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Highlights from Biden’s press conference: From Russia to vote reform

On Wednesday, President Biden marked the end of his first year in office with a marathon press conference from the White House East Room, in which he defended his record in office and made headlines on several fronts.

Why it's important: It was only Biden's second solo press while he was in office. The president said he would support the division of his flagship budget proposal, the Build Back Better Act, to pass it in stages. He also called on the Federal Reserve to do more against inflation and predicted that Russia would invade Ukraine.

About Russia:

"I guess he wants to move in," Biden said about the Russian president, Vladimir Putin, and the crisis that is brewing between his country and Ukraine.

  • U.S. officials have already issued a series of warnings about Russia's looming military build-up on the border with Ukraine, with Foreign Minister Antony Blinken saying earlier in Wednesday in Kiev that Russia could invade "at very short notice”.

Biden said that Russia will be "held accountable if it invades," but seemed to suggest that a "minor intrusion" would preclude a less significant response.

  • "It's one thing if it's a minor burglary and we end up having to fight over what to do and not do, etc.," Biden said. "But if Russia launches a full-scale invasion of Ukraine, this would be a 'disaster for Russia.'
"I think he still does not want any full-blown war, number one. Number two, I think he wants to test the vest? Test the United States and NATO as significantly as he can? Yes, I think he will. But I think he will pay a serious and expensive price for what he does not think now will cost him what it is going to cost him. And I think he will regret having done so. I'm guessing he'll move in. He has to do something. "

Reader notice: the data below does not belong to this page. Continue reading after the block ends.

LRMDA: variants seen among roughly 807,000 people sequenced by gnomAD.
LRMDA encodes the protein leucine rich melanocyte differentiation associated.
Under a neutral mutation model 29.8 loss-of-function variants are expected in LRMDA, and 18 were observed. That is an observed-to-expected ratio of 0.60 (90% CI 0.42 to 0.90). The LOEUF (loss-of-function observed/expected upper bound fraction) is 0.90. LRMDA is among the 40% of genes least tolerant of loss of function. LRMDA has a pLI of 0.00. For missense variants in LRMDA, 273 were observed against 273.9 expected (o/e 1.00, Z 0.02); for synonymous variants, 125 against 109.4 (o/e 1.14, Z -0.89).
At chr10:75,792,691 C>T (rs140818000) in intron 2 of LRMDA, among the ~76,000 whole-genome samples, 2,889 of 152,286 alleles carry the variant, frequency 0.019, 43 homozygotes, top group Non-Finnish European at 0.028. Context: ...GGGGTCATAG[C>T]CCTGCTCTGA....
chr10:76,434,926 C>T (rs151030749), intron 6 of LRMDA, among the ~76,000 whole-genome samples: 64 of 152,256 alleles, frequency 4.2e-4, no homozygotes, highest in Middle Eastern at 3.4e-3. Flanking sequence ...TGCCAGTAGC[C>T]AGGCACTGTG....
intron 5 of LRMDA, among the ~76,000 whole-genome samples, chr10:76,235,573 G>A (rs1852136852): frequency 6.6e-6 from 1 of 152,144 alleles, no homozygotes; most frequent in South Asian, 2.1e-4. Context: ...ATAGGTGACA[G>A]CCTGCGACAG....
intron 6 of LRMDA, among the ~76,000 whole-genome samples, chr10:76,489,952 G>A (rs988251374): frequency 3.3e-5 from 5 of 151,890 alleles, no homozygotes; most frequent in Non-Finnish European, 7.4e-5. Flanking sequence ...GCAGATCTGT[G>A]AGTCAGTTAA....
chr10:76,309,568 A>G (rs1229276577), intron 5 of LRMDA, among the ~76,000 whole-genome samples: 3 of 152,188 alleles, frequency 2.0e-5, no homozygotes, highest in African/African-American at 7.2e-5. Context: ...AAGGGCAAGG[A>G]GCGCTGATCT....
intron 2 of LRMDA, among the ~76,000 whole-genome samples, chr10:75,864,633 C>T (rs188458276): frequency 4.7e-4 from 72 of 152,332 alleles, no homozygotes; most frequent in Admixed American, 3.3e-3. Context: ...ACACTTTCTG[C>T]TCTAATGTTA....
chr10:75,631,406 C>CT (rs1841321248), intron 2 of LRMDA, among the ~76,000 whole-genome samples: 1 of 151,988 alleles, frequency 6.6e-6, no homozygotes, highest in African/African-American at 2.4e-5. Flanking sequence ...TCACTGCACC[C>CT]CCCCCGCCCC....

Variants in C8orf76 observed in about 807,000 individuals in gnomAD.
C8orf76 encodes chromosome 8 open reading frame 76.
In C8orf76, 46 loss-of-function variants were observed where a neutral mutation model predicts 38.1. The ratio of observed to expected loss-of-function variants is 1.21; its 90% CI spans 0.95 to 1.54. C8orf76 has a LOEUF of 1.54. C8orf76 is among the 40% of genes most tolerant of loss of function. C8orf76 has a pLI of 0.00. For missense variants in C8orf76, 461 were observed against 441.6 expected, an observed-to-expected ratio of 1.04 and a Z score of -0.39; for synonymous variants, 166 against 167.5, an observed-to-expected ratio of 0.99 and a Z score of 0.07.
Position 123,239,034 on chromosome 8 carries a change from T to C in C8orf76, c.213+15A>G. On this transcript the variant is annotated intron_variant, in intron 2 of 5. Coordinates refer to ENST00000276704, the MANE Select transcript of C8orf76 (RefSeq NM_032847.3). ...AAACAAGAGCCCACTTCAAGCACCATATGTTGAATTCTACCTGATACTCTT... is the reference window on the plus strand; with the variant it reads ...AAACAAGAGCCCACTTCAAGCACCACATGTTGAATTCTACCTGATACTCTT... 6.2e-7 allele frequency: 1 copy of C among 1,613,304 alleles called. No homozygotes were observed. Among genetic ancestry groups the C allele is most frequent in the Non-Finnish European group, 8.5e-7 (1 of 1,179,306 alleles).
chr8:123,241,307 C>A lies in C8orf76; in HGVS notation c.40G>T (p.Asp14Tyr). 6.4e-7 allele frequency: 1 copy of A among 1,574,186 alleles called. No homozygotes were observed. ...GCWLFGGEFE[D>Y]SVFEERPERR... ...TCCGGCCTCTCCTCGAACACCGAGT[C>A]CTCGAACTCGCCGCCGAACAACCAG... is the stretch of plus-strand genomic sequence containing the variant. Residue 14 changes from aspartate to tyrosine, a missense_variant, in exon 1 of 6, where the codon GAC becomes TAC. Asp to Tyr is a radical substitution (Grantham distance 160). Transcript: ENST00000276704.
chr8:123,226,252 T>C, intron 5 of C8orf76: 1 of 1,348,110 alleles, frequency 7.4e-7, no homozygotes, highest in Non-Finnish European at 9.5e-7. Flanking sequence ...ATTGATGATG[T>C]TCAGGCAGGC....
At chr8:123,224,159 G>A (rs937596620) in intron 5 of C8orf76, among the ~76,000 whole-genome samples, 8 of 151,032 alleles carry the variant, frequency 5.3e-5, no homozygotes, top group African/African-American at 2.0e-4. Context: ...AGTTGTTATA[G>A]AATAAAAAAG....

About inflation:

After the country saw 7% inflation in 2021, Biden said fighting inflation is the task of the Federal Reserve - approving the central bank's shift to higher interest rates.

  • Our thought bubble, via Axios' Neil Irwin: The comments reflect the Biden administration's belief that keeping inflation under control is crucial to the president's political future - and that tools directly controlled by the administration are ill-suited to the job.
In the middle:

Biden said he believes in the coming 2022 mid-term periods could "easily be illegitimate" without voting rights reforms that he and the Democrats have pushed for. A bill dealt with that seemed to fail in the Senate Wednesday night.

  • "The prospect of an illegitimate [election] is in direct proportion to the fact that we can have these reforms adopted, but I do not think ... you will see the Democratic Party give up coming back. "

One month after the Build Back Better Act failed to obtain support from Sen. Joe Manchin (DW.Va.) - anything but guaranteeing its downfall - Biden said he still believes he can get "big chunks" of the law through Congress.

  • "I'm convinced we can get parts - big chunks - of the Build Back Better Act signed into law," Biden said.
  • "I have long been involved in public policy," Biden continued, "and I do not know many things that have been done in one fell swoop."
About COVID answers:

Biden admitted that the United States should have tested several earlier during his first year in office.

  • "Should we have done more tests earlier? Yes," he said. "But we're doing more now ... We've gone from zero home tests a year ago to 375 million tests on the market in just this month."
About Harris in 2024:

The president was unequivocal that Vice President Kamala Harris will be his Vice President in 2024, and said he was pleased with her handling of the administration's voting rights efforts. Biden gave her the task of spearheading this effort at the beginning of this administration.

  • "She's going to be my deputy, number one," Biden said. "And number two, I've given her the responsibility. I think she's doing a good job."

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